As ever, don’t bother telling me that despite what I say at the beginning and end, the podcast is NOT about Hadrian’s Wall. There is such a thing as branding, you know.

The podcast is available as an MP3 file (46Mb). If there is enough demand I can create an Ogg Vorbis file too, but you have to tell me you want it. Right click to download. A bit torrent link is also available. Finally, if you prefer, you can stream it directly from the archive.org web page.

With a fair wind and a measure of good fortune, you can subscribe to the podcast series using this link.

CGHad

Podcastellum 5: Late Roman Hadrian’s Wall

It’s been a few months, but it is now time for another PLV Podcastellum. This is another interview conducted on the bus in Denmark, this time with Rob Collins, Portable Antiquities Scheme Finds Liaison Officer at the Great North Museum and specialist on Hadrian’s Wall in the Late Roman period (amongst other things; Rob is a versatile lad).

Rob's bookHe is the author of the magisterial Hadrian’s Wall and the End of Empire: The Roman Frontier in the 4th and 5th Centuries (which is mentioned in the podcast) but has also exhibited his talents as an editor in a volume about finds from Late Roman Britain, one of the CBA Research Reports, Finds from the Frontier: Material Culture in the 4th – 5th Centuries, which he co-edited with Lindsay Allason-Jones. Turning the tables on Lindsay, Rob has now co-edited a forthcoming Festschrift volume for her with Frances McIntosh, Life in the Limes, which will be published by Oxbow books later this year (which, by a bizarre coincidence, I have ended up typesetting).

I hope you enjoy listening to Rob and are not too distracted by the rumble of the bus or the chatter of the others around us.

The podcast is available as an MP3 file (65Mb: this one’s a biggie!). If there is enough demand I can create an Ogg Vorbis file too, but you have to tell me you want it. Right click to download. A bit torrent link is also available. Finally, if you prefer, you can stream it directly from the archive.org web page.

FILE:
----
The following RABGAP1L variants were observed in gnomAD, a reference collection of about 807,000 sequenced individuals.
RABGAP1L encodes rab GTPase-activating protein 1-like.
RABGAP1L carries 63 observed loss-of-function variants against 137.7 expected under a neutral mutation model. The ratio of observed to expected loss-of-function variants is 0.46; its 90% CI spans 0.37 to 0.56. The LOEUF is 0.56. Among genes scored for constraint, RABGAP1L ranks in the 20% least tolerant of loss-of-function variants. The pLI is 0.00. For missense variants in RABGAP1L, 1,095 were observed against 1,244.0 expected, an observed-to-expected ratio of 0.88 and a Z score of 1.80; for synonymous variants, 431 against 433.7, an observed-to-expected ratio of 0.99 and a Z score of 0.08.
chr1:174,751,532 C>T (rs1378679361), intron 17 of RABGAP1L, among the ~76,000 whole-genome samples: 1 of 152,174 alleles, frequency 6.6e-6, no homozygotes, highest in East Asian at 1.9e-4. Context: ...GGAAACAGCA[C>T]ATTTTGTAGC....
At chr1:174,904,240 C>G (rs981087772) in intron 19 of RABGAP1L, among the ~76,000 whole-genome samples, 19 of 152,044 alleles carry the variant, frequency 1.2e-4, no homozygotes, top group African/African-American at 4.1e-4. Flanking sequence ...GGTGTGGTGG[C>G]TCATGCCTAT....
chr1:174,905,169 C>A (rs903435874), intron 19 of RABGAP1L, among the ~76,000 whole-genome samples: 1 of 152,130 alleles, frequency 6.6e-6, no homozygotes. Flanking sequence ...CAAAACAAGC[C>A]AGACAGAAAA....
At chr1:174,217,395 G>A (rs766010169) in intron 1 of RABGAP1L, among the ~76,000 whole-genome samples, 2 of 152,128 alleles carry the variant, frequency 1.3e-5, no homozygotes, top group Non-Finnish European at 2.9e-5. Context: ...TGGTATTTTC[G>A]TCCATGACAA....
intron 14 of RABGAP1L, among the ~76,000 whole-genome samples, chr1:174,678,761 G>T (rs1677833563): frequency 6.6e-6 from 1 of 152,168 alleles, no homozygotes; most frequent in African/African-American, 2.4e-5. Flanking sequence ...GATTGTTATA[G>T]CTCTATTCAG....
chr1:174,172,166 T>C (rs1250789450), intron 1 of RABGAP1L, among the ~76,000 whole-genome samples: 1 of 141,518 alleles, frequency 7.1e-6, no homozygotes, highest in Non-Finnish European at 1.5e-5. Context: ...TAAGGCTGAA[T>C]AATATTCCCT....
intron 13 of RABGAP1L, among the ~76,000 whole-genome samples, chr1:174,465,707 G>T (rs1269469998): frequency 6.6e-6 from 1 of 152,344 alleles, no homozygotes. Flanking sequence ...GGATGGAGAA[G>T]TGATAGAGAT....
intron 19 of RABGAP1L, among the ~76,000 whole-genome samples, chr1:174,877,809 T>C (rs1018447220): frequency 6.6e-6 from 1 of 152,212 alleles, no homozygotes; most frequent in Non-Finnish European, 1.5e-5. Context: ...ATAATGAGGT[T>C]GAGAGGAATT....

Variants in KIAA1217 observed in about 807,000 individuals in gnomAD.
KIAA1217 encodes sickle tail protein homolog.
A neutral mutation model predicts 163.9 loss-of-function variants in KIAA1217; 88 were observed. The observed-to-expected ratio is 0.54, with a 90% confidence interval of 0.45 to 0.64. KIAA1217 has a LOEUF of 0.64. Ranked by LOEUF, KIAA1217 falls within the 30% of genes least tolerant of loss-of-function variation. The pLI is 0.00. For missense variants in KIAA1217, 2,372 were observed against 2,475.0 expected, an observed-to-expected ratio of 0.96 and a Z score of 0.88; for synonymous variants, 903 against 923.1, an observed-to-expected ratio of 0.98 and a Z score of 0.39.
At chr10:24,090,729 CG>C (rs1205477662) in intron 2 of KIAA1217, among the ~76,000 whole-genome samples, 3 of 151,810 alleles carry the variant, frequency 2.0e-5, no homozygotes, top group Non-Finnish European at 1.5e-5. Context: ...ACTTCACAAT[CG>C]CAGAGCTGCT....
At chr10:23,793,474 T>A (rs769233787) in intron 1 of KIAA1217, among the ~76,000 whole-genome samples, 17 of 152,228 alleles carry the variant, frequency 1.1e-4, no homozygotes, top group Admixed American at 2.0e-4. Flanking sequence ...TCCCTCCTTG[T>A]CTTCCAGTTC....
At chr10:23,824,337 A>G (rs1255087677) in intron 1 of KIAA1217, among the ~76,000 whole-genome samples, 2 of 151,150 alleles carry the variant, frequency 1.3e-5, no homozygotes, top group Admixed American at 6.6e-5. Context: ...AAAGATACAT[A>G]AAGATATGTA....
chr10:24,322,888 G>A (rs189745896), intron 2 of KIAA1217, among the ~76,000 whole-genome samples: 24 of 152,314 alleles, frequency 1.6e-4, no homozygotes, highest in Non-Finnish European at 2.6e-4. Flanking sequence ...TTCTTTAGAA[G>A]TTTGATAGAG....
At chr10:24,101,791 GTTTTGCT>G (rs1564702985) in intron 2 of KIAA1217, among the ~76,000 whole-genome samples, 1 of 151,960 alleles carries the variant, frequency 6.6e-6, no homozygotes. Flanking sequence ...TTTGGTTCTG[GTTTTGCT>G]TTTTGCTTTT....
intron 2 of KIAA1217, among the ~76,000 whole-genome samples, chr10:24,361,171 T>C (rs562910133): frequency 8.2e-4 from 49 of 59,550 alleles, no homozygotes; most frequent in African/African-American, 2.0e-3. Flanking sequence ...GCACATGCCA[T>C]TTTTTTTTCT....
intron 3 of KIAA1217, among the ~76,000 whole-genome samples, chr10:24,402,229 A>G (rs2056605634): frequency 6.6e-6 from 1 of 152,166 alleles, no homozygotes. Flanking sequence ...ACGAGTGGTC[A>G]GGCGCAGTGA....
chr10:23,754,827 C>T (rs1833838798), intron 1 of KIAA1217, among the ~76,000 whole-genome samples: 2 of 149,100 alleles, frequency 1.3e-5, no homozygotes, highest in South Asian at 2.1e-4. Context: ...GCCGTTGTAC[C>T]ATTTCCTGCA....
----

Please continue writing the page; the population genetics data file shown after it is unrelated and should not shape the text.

With a fair wind and a measure of good fortune, you can subscribe to the podcast series using this link.

The PLV eboojs

Podcastellum 4: Lorica Segmentata: The Roman Spitfire?

Delivered on 23rd September 2013 in Caerleon, Gwent, this was The Caerleon Annual Birthday Lecture.

There is a certain ‘from the lavatory next door’ quality to the audio, but some might say that lends it an earthy grittiness. Others might just find it unlistenable. If it seems at times rambling and over-long, bear with me, gentle listener, for I had forgotten my portable reading light, so could see neither my notes (I had decided not to script it, which was probably just as well) or my watch. Thus the structure came from the images (which of course matched the notes) and the duration from what flew into my head as I went on my merry way.

As for the content, here is Spitfire P7350, which you hear at the beginning (you would also have heard a Spitfire landing, at the end, but – as it turned out – didn’t; your lives are none the worse for that, trust me). All aircraft of this vintage that are still flying do so with a combination of new, fabricated replacement parts, and genuine used parts from other, donor aircraft (this is the process called cannibalisation mentioned in the lecture). Be honest: you didn’t seriously think HMS Victory is still entirely made up of 18th-century timber, did you? Heraclitus said that you never step into the same river twice, and by the same token all complex artefacts undergo a process of modification during their lives. Here’s the Daily Mail getting enraged about the fact that the RAF Typhoons I mention in the lecture were being cannibalised during the Libyan bombing campaign of 2011 (please do not attempt to understand the Sidebar of Shame without this aid). Particularly amusing is the quote ‘the RAF needs to shake itself out of this Steptoe and Son mentality’; a little bit of a history lesson needed there, perhaps (cf. 1940, The Few, etc).

The movie, FIrst of the Few, released in America as Spitfire, is freely available to download or stream, on archive.org. This was, is in so many ways, the birth of a legend. Here’s a man having an unforgettable encounter with a Spitfire.

However, for the ultimate example of cut’n’shut, here is Ezer Weitzmann’s black Spitfire, put together from multiple airframes (some bought, some cannibalised) after the Second World War (I know somebody who, as a cadet, used to have the duty of polishing it).

Trajan’s Column should need no introduction (but here’s Dr Jon Coulston ably disproving that statement) and if you want to find out a bit more about ‘lorica segmentata‘, here’s my old website about it (ten years old now, I realise, and – like me – badly in need of renovation). Read the National Museum of Wales’ blog about the Caerleon ‘lorica segmentatahere.